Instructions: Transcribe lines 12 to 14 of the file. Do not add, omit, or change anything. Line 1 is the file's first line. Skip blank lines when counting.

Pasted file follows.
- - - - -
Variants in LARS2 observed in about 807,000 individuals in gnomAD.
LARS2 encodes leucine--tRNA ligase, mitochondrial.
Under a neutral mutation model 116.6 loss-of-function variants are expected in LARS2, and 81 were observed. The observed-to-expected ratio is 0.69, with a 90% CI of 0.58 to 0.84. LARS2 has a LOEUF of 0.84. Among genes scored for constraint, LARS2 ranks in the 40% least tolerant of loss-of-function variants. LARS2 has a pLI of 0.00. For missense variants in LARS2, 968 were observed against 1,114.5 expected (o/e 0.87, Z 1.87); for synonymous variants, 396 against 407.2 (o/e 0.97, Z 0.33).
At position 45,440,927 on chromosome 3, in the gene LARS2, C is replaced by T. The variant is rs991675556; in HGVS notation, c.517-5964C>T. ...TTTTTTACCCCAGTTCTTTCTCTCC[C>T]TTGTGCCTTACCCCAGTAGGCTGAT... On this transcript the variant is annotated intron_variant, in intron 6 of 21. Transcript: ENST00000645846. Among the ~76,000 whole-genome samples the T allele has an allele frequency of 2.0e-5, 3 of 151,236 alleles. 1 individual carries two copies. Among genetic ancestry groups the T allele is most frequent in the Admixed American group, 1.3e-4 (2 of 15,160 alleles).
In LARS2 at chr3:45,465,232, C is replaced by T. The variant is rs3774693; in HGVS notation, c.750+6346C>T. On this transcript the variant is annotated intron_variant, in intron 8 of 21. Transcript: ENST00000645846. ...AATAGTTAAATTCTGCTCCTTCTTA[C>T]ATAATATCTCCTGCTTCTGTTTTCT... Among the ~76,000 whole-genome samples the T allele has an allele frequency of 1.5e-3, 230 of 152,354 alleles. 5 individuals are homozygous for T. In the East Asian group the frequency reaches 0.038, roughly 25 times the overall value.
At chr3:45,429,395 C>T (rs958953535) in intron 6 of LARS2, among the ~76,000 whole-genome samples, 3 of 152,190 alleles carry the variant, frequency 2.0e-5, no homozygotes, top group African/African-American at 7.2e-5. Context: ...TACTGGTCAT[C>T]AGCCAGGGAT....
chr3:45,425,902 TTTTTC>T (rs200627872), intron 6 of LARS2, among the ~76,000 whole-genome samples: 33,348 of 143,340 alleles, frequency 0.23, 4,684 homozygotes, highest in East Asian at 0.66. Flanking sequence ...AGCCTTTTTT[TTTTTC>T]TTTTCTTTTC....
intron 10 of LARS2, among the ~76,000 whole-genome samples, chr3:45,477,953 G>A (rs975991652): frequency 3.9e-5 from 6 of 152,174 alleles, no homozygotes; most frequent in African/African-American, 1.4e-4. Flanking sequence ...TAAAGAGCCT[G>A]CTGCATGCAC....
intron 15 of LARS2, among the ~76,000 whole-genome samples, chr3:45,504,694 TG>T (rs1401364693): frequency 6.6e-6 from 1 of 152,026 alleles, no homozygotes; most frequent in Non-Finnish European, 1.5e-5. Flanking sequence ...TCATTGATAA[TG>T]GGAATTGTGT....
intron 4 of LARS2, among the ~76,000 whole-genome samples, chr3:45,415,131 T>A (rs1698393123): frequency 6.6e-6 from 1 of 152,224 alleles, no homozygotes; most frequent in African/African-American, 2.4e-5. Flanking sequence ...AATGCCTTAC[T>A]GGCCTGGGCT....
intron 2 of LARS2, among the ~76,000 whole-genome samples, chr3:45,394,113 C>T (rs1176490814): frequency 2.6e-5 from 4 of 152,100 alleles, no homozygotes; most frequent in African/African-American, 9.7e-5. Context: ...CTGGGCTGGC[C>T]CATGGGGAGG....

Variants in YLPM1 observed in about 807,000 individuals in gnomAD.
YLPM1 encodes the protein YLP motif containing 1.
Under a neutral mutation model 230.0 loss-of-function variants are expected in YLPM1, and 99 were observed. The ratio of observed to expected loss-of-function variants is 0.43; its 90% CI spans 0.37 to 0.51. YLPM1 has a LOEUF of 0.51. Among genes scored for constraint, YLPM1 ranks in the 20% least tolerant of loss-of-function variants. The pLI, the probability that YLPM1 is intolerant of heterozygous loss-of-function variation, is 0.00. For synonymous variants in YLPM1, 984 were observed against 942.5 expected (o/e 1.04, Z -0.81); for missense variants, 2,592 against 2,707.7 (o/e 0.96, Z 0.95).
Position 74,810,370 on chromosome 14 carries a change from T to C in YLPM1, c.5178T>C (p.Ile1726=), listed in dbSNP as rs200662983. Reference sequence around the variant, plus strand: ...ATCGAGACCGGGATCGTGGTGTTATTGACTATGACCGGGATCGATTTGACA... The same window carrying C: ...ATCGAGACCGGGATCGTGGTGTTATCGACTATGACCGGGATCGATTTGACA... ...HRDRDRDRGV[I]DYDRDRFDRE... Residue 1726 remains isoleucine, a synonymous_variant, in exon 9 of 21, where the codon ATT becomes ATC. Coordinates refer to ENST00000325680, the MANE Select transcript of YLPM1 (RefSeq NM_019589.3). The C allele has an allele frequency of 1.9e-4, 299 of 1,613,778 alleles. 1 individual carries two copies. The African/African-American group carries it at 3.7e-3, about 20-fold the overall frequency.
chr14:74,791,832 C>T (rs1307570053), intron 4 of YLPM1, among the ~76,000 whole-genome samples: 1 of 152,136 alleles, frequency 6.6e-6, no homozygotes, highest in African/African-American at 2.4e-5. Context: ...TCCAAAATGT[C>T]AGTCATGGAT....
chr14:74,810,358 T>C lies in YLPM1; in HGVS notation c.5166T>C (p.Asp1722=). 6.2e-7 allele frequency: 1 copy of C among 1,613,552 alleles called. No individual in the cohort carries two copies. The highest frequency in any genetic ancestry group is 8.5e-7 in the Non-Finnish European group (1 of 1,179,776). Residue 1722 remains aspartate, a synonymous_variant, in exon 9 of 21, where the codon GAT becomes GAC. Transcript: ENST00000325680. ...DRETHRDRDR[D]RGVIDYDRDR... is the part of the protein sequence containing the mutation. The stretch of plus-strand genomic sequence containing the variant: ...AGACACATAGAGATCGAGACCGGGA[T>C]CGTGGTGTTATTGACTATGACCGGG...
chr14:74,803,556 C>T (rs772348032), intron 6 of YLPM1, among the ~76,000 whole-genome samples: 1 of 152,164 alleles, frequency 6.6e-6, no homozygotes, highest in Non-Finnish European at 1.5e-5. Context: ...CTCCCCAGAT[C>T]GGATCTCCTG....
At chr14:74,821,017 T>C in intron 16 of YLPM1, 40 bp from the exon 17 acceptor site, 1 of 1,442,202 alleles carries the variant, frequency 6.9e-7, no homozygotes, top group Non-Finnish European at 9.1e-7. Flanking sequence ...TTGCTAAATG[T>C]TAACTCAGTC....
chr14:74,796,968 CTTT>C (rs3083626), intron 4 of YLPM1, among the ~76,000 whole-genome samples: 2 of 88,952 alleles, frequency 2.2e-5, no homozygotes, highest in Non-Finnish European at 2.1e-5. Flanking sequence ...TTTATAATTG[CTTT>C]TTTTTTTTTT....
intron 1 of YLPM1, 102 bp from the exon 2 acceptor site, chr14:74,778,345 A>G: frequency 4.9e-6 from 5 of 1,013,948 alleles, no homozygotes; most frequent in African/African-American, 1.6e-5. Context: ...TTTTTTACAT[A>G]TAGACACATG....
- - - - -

Variants in YLPM1 observed in about 807,000 individuals in gnomAD.
YLPM1 encodes the protein YLP motif containing 1.
Under a neutral mutation model 230.0 loss-of-function variants are expected in YLPM1, and 99 were observed. The ratio of observed to expected loss-of-function variants is 0.43; its 90% CI spans 0.37 to 0.51. YLPM1 has a LOEUF of 0.51. Among genes scored for constraint, YLPM1 ranks in the 20% least tolerant of loss-of-function variants. The pLI, the probability that YLPM1 is intolerant of heterozygous loss-of-function variation, is 0.00. For synonymous variants in YLPM1, 984 were observed against 942.5 expected (o/e 1.04, Z -0.81); for missense variants, 2,592 against 2,707.7 (o/e 0.96, Z 0.95).